Quality and sustainability demands seem to be on the rise when it comes to choosing office paper. At least according to more than 2300 respondents from our recent market study. Could we say that a new conscious printing era is here – to stay? If so, what can companies and industries do to live up to the demands?
Looking at the results from our market study from 2021, which investigates changed behavior and attitudes related to printing in the pandemic, quality and sustainability rank high among the respondents when making a paper purchase choice.
These priorities rank as high as price and availability, which have always been important purchase factors (in 2020 price ranked the highest). In fact, 72 % of the respondents answered they would even be willing to pay more for higher quality and sustainability standards.
These consumer requests seem to have increased over the past year. With increased working from home during the pandemic, more people have had to use their home printers – which might not be up to office printer quality standards, and thus reveal a need for a higher quality paper.
“Employees today have more control and freedom to choose paper for their home office use”, says Johan Ulriksson, Office Papers Marketing Manager at Multicopy. “During the pandemic, we’ve seen an increase in online purchases. More employees buy their own office paper online where they can make an educated decision. We’ve seen this on a leading online platform, where our key product Multicopy Zero has a 60-70 % conversion rate.”
When it comes to the increasing demands on sustainable products, they can naturally be related to an overall increased societal awareness, and the alarming climate crisis:
“The general awareness in society is higher today… the understanding that it’s you and me, here and now, who must make change”, says Ulriksson. “People start making larger demands not only on themselves – but also on their surroundings, on their employers, on products they buy. As a company or industry, it's getting harder to stand outside all of that – and that's a good thing.”
Perhaps the most important thing to do in order to improve printing behavior and connect to the 'print better' approach would be to make sure that the paper being used lives up to consumer standards as much as possible.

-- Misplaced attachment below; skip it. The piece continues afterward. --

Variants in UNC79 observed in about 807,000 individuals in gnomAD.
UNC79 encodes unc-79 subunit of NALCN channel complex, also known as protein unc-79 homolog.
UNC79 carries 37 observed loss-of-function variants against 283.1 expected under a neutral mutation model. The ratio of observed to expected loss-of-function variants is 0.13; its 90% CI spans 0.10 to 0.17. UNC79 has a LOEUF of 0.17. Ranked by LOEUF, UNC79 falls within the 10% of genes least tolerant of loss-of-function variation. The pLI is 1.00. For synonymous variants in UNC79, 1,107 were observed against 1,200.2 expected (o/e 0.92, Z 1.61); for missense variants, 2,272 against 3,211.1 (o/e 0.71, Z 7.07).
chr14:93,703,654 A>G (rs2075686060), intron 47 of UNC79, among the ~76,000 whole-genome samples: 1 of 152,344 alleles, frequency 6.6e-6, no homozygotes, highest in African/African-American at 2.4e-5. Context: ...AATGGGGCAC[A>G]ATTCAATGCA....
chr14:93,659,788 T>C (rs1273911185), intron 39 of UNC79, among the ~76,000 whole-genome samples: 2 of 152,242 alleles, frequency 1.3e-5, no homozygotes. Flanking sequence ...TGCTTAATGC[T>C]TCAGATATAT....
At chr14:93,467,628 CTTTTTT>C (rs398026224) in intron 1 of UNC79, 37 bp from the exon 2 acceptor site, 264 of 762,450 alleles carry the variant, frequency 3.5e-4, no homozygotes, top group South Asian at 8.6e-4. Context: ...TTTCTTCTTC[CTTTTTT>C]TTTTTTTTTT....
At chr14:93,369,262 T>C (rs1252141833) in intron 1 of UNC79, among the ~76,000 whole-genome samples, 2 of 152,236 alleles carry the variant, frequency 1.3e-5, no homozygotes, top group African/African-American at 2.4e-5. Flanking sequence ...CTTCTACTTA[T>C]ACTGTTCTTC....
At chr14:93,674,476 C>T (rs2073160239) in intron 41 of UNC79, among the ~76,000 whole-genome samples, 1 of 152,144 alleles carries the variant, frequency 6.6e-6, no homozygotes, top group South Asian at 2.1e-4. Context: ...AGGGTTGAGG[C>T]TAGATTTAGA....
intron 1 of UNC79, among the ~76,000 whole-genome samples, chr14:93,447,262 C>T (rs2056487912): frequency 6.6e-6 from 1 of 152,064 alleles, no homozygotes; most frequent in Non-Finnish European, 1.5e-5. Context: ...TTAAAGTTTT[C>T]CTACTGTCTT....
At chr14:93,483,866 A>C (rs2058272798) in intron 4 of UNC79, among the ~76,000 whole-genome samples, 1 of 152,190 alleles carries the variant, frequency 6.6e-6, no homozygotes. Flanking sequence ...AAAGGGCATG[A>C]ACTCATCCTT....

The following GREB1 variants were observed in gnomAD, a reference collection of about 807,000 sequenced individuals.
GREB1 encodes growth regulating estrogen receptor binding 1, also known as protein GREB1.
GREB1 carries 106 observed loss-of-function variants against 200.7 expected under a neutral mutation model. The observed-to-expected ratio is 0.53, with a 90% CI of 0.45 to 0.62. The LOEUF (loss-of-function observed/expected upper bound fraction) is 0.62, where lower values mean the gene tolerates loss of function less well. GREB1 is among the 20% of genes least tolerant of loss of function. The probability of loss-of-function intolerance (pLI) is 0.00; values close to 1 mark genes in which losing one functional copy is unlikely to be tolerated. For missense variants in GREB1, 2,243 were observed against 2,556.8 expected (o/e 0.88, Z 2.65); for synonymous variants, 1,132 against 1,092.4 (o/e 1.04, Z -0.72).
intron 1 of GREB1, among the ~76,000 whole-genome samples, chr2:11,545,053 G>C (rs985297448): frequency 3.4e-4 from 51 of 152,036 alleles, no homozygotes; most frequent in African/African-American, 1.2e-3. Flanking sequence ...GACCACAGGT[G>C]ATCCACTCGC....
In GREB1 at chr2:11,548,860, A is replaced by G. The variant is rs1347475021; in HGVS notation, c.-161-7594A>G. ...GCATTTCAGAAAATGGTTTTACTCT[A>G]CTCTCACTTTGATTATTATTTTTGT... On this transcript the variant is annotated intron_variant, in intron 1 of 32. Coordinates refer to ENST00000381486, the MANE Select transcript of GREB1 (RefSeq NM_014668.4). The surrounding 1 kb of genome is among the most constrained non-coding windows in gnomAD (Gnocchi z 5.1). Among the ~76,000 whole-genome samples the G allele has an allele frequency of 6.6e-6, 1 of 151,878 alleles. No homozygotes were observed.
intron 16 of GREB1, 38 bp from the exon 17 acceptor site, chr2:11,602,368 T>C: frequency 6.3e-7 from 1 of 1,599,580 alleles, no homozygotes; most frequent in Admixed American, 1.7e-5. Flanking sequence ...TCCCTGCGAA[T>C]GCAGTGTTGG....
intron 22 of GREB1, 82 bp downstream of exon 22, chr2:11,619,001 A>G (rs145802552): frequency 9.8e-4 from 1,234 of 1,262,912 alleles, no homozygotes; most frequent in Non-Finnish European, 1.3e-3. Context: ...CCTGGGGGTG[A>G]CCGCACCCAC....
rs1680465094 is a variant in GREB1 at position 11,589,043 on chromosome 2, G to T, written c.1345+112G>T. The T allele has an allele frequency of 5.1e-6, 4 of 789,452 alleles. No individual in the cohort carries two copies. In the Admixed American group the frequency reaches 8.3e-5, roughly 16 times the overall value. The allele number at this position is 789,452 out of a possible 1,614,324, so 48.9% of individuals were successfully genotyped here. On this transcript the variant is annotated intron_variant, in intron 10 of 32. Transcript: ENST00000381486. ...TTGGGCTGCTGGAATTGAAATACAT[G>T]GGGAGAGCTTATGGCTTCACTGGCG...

With high-quality paper, printouts will show a better result and longer durability, which in the long run will reduce unnecessary double prints due to bad copies – and decrease costs. The ColorLok label is one feature to look for to ensure professional results with vibrant colors and bold blacks.
A good paper not only looks and feels good – it does it with the least impact on the planet as possible. To make sure the paper lives up to consumer sustainability standards, it is important to look for the right labels, such as the Nordic Swan Ecolabel and the EU Ecolabel.
“Our Multicopy products tick all the boxes”, says Ulriksson. “Not least our carbon neutral Multicopy Zero, referred to by Jonathan Bakewell, who is VP and Head of Segment Office and Book Paper at Stora Enso, as our ‘hero brand carbon offset premium printing paper that conforms to everything people say they want’. I couldn’t have said it better myself.”
At Multicopy, as part of the Stora Enso aim to offer 100 % regenerative products and solutions by 2050, we focus on the impacts that we have today, and how to minimize them. As for any other industry or company, the paper industry must conform to what the market, and the planet, needs. At Multicopy, meeting customers’ wishes is always the number one focus:
“Listening, staying attentive to changes and always looking for ways to improve – to make sure that we can offer what our customers are looking for.”, Ulriksson explains. “And at the same time do what we can to contribute to reducing climate impact. That’s in our interest, as much as in our clients’.”
Humans’ urge to communicate has always been strong – and with the evolution of paper, the written form of communicating opened a whole new world of efficiency, suddenly dismantling geographical boundaries. Naturally, the history of papermaking is closely connected to societal, industrial, and cultural events.
Eco-awareness and higher demands on sustainability features among customers tend to lead to good things. One current example is the initiated project at Stora Enso to certify all paper pulp grades as compostable, to helps consumers make more eco-friendly choices.
In 2021, the Multicopy production base in Nymölla mill took a step further in the fossil free journey, with Stora Enso entering a partnership with energy company Gasum. We had a talk with Erik Woode, Director, Project Development & Execution, at Gasum, to get a status update after one year of turning residue water from production into fossil free fuel.